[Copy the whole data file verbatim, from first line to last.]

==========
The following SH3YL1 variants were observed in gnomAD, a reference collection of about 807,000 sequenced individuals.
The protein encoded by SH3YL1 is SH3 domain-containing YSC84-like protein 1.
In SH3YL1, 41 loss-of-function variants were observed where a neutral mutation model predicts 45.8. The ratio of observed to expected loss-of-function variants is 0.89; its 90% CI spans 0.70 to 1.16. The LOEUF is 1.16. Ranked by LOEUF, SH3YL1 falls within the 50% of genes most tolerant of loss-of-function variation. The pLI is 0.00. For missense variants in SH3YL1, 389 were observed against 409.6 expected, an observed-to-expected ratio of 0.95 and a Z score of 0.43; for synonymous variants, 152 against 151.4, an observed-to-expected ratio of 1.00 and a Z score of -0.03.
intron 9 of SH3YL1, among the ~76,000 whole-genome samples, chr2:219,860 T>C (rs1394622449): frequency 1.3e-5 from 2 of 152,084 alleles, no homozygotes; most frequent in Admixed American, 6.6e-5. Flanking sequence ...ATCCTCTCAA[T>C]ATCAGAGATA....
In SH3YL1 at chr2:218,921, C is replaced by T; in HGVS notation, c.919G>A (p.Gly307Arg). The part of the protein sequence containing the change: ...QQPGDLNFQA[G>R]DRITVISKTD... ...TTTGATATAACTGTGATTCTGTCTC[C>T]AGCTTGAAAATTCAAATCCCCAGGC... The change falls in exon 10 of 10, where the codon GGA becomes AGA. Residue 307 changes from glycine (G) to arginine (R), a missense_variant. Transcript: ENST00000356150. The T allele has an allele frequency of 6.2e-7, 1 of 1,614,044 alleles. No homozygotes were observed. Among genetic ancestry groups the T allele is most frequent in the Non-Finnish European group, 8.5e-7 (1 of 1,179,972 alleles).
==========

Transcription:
The following SH3YL1 variants were observed in gnomAD, a reference collection of about 807,000 sequenced individuals.
The protein encoded by SH3YL1 is SH3 domain-containing YSC84-like protein 1.
In SH3YL1, 41 loss-of-function variants were observed where a neutral mutation model predicts 45.8. The ratio of observed to expected loss-of-function variants is 0.89; its 90% CI spans 0.70 to 1.16. The LOEUF is 1.16. Ranked by LOEUF, SH3YL1 falls within the 50% of genes most tolerant of loss-of-function variation. The pLI is 0.00. For missense variants in SH3YL1, 389 were observed against 409.6 expected, an observed-to-expected ratio of 0.95 and a Z score of 0.43; for synonymous variants, 152 against 151.4, an observed-to-expected ratio of 1.00 and a Z score of -0.03.
intron 9 of SH3YL1, among the ~76,000 whole-genome samples, chr2:219,860 T>C (rs1394622449): frequency 1.3e-5 from 2 of 152,084 alleles, no homozygotes; most frequent in Admixed American, 6.6e-5. Flanking sequence ...ATCCTCTCAA[T>C]ATCAGAGATA....
In SH3YL1 at chr2:218,921, C is replaced by T; in HGVS notation, c.919G>A (p.Gly307Arg). The part of the protein sequence containing the change: ...QQPGDLNFQA[G>R]DRITVISKTD... ...TTTGATATAACTGTGATTCTGTCTC[C>T]AGCTTGAAAATTCAAATCCCCAGGC... The change falls in exon 10 of 10, where the codon GGA becomes AGA. Residue 307 changes from glycine (G) to arginine (R), a missense_variant. Transcript: ENST00000356150. The T allele has an allele frequency of 6.2e-7, 1 of 1,614,044 alleles. No homozygotes were observed. Among genetic ancestry groups the T allele is most frequent in the Non-Finnish European group, 8.5e-7 (1 of 1,179,972 alleles).